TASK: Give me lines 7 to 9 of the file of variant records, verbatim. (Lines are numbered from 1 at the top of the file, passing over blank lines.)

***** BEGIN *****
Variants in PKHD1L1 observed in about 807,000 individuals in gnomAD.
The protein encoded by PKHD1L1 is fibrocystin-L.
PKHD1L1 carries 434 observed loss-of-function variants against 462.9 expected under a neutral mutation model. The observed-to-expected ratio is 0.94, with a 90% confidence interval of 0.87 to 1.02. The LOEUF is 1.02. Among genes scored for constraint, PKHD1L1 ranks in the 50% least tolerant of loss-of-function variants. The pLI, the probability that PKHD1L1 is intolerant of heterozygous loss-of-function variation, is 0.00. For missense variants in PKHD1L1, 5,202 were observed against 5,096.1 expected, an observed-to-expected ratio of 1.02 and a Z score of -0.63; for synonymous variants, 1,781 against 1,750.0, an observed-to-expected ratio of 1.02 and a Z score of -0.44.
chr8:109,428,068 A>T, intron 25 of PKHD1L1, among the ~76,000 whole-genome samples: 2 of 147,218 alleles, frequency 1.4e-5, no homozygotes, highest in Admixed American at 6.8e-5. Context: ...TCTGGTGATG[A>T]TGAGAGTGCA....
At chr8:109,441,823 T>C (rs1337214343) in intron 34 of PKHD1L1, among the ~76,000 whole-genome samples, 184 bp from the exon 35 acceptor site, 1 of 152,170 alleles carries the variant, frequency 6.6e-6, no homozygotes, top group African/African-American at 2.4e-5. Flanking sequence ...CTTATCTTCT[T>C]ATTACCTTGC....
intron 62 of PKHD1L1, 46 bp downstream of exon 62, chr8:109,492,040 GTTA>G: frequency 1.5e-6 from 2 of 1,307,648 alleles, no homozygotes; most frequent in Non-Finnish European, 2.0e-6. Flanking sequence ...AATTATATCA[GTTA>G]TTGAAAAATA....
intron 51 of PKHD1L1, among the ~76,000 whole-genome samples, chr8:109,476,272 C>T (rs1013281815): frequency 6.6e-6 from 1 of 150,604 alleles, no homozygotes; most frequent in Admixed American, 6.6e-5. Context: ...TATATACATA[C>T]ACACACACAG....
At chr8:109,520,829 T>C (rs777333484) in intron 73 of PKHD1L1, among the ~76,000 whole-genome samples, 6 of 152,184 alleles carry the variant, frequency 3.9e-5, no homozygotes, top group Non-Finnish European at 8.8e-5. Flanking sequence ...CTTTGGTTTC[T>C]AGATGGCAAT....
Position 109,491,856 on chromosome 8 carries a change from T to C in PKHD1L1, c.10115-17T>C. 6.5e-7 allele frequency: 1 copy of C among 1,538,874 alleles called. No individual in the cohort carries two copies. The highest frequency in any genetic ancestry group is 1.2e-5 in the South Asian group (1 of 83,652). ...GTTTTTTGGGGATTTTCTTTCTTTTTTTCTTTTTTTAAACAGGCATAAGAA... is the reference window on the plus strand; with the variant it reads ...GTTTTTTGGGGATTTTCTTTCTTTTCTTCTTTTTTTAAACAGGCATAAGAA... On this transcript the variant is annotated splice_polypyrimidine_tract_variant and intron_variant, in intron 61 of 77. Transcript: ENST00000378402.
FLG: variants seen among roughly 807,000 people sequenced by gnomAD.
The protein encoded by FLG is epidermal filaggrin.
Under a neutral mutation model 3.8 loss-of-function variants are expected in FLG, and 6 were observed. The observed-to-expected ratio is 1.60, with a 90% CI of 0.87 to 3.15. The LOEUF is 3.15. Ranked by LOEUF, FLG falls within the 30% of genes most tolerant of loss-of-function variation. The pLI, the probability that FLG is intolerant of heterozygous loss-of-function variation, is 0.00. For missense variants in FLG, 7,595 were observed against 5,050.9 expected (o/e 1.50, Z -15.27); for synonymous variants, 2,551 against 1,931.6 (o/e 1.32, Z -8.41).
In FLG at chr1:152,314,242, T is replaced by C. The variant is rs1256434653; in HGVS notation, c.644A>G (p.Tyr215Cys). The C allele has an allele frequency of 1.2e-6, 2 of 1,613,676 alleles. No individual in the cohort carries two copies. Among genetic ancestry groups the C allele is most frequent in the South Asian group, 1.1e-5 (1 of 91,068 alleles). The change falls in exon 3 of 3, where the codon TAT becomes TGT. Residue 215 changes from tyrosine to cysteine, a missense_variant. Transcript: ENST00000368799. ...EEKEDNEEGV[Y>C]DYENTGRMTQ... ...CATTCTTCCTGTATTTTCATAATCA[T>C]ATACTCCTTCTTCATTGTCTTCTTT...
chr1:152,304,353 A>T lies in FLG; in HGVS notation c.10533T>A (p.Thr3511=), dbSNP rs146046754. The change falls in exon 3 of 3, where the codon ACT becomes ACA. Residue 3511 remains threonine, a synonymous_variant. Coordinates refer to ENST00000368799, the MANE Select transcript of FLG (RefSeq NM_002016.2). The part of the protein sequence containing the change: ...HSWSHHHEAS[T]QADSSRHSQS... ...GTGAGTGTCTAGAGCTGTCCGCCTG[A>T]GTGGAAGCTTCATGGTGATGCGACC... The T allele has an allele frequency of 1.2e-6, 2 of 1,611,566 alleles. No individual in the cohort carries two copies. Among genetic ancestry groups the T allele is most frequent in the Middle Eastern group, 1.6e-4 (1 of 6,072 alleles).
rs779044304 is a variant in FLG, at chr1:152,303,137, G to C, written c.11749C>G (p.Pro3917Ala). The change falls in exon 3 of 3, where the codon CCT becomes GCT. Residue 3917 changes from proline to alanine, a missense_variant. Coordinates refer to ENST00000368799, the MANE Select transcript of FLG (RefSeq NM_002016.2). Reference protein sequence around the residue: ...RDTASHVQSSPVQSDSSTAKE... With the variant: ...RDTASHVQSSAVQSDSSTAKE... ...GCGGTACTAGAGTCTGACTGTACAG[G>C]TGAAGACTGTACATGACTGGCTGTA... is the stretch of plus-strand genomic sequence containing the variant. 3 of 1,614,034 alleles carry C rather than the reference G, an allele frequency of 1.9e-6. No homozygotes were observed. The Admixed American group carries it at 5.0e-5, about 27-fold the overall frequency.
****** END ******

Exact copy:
intron 51 of PKHD1L1, among the ~76,000 whole-genome samples, chr8:109,476,272 C>T (rs1013281815): frequency 6.6e-6 from 1 of 150,604 alleles, no homozygotes; most frequent in Admixed American, 6.6e-5. Context: ...TATATACATA[C>T]ACACACACAG....
At chr8:109,520,829 T>C (rs777333484) in intron 73 of PKHD1L1, among the ~76,000 whole-genome samples, 6 of 152,184 alleles carry the variant, frequency 3.9e-5, no homozygotes, top group Non-Finnish European at 8.8e-5. Flanking sequence ...CTTTGGTTTC[T>C]AGATGGCAAT....
Position 109,491,856 on chromosome 8 carries a change from T to C in PKHD1L1, c.10115-17T>C. 6.5e-7 allele frequency: 1 copy of C among 1,538,874 alleles called. No individual in the cohort carries two copies. The highest frequency in any genetic ancestry group is 1.2e-5 in the South Asian group (1 of 83,652). ...GTTTTTTGGGGATTTTCTTTCTTTTTTTCTTTTTTTAAACAGGCATAAGAA... is the reference window on the plus strand; with the variant it reads ...GTTTTTTGGGGATTTTCTTTCTTTTCTTCTTTTTTTAAACAGGCATAAGAA... On this transcript the variant is annotated splice_polypyrimidine_tract_variant and intron_variant, in intron 61 of 77. Transcript: ENST00000378402.